Anti-Driving Regulations Will Become Law Unless You Act Now, Part 1 – Speed Limits

Note from NMA, October 2021: This alert was posted before the public comment period ended on May 14, 2021. We have crossed out or deactivated the links related to the expired comment period. The information about the proposed changes to the MUTCD is still very much relevant as the FHWA has yet to respond to the comments or indicate its plan regarding its original proposal. 

The Federal Highway Administration (FHWA) has proposed changes to the rules for posting traffic signs. Buried within the extensive markups to the 800-page Manual on Uniform Traffic Control Devices (MUTCD) is a truly onerous set of policies that will adversely affect driving for decades to come.

Unless driving advocates like you help us respond en masse in opposition to the federal rule before the public comment period ends on May 14th, the changes are likely to become law.

At the end of this alert, we provide a link to the Federal Register site to post your comments against the federal agency’s plans per Docket FHWA-2020-0001. The two most important areas of concern with the proposed rule are fundamental issues for NMA members and drivers everywhere: Speed Limit and Stop Signs. This email alert provides guidance on how to respond to the first, speed limit postings. We will follow in the next few days with similar information about registering opposition comments to the proposed stop sign rules.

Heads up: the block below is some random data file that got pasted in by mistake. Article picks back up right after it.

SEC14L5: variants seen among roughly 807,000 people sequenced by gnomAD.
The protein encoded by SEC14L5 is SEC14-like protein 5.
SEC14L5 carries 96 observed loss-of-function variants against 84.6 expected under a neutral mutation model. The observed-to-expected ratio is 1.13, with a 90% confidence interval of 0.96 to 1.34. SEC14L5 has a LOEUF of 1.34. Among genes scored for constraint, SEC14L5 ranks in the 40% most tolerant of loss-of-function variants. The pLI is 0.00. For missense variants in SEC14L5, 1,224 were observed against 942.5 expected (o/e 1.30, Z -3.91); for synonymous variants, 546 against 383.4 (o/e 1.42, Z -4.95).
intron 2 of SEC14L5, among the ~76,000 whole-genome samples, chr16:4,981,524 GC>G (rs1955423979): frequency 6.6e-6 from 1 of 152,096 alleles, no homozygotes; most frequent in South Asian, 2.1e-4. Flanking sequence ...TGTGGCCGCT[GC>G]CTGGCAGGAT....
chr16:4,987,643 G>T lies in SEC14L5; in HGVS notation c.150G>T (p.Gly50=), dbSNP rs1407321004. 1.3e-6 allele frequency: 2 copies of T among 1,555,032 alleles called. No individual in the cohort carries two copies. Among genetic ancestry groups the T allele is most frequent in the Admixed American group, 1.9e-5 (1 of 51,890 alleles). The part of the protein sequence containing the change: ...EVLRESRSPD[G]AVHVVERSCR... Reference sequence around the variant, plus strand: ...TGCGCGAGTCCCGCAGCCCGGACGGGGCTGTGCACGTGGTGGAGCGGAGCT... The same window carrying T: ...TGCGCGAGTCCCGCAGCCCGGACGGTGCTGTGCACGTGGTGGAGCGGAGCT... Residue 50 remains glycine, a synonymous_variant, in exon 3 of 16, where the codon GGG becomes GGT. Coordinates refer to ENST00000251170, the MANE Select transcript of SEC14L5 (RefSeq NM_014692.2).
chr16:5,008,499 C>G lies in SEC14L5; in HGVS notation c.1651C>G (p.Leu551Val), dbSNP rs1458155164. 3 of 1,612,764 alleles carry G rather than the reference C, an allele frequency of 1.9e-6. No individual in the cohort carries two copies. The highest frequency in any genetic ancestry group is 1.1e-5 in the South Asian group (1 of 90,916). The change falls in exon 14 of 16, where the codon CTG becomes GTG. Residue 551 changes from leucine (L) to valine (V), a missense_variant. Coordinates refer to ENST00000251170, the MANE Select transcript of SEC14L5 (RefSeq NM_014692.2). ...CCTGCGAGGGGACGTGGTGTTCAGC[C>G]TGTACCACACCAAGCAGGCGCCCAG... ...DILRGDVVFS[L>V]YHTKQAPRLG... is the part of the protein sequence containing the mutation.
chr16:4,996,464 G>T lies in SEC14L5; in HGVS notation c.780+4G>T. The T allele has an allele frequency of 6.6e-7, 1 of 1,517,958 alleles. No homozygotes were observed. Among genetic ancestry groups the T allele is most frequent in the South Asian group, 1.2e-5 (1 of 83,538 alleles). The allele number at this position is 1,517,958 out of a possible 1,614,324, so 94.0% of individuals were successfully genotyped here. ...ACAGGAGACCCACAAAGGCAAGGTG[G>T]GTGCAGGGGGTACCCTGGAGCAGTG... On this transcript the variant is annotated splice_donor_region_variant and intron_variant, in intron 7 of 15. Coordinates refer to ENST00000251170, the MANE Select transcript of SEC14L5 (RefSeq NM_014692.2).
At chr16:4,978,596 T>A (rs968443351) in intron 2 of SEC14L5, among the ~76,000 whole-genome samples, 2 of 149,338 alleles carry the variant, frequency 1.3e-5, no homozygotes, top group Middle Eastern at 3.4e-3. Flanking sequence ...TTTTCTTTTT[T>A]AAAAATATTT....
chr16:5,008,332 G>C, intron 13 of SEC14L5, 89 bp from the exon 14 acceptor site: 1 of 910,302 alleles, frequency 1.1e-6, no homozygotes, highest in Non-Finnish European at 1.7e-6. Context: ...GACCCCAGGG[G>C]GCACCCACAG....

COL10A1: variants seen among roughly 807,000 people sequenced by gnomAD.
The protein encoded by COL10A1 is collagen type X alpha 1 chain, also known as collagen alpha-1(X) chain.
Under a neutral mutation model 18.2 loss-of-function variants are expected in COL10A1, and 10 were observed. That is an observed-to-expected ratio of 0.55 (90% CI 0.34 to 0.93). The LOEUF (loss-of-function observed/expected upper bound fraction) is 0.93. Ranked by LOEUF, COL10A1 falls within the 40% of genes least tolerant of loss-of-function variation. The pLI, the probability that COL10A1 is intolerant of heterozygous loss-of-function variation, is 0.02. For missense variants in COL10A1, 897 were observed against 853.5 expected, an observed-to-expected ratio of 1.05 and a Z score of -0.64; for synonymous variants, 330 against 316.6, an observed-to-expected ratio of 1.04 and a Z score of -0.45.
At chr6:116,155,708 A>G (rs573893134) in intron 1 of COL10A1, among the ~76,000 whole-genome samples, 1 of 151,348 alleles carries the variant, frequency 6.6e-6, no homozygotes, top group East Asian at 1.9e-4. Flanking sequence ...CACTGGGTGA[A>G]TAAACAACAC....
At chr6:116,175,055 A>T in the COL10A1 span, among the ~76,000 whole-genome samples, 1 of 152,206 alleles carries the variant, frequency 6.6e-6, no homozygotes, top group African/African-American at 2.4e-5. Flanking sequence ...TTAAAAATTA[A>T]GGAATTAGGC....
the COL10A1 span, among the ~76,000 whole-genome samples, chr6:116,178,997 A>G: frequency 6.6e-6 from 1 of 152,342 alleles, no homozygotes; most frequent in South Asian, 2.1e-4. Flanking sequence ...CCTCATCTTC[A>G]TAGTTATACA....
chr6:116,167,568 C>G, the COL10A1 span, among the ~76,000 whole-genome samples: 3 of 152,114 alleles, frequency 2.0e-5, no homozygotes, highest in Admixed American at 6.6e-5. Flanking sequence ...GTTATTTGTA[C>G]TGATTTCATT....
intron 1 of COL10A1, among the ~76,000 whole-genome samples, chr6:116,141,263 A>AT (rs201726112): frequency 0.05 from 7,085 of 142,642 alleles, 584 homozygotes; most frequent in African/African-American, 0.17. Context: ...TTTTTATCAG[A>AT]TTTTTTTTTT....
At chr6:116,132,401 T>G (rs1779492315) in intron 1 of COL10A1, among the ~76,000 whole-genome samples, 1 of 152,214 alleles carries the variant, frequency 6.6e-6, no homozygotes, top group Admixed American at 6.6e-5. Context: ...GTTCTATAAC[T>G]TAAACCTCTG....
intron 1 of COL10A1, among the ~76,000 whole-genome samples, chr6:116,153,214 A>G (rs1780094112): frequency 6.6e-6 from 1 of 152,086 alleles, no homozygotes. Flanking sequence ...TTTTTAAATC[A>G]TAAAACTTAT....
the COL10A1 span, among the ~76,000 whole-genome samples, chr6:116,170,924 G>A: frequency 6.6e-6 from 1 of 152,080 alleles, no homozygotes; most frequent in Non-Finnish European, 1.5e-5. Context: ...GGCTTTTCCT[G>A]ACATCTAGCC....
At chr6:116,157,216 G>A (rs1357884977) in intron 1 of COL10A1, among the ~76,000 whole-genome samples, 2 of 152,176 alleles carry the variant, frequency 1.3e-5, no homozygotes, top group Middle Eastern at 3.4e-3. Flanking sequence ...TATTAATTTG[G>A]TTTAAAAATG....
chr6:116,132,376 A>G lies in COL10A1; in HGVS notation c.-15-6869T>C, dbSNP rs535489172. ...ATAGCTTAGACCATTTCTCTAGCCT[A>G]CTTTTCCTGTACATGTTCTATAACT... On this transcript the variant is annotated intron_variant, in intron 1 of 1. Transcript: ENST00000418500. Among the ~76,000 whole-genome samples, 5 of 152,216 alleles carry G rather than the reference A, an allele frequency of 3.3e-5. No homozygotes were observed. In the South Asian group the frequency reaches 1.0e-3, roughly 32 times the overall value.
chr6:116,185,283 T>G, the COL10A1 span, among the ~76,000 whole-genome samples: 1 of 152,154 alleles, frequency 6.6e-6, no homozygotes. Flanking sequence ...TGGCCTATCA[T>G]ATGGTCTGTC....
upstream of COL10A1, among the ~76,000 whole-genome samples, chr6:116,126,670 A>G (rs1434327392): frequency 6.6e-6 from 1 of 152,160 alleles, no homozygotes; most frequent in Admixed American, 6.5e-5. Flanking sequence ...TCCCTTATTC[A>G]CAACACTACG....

As you read the following material on why drivers should oppose the recommended changes to the MUTCD, think about how to use your own words to describe your objections. If the FHWA gets a raft of nearly identical comments, the perceived factory-generated responses will lessen their impact.

You may post to the Federal Register more than once. As we are doing here in sending out two alerts on the speed limit and stop signs issues, consider submitting two (or more) sets of comments for the record.

Convince family, friends, and colleagues to also send in their comments for the public record. Anti-driving factions have already posted by the hundreds, many supporting lowering speed limits and multiplying the number of stop signs on the roads. Others, led by many city transportation officials, have commented that the proposed rules still create an MUTCD that is too car-centric, noting that further restrictions on driving are needed. We must fill the public record with posts that oppose the speed limit and stop sign changes proposed for the MUTCD.

The MUTCD and Speed Limits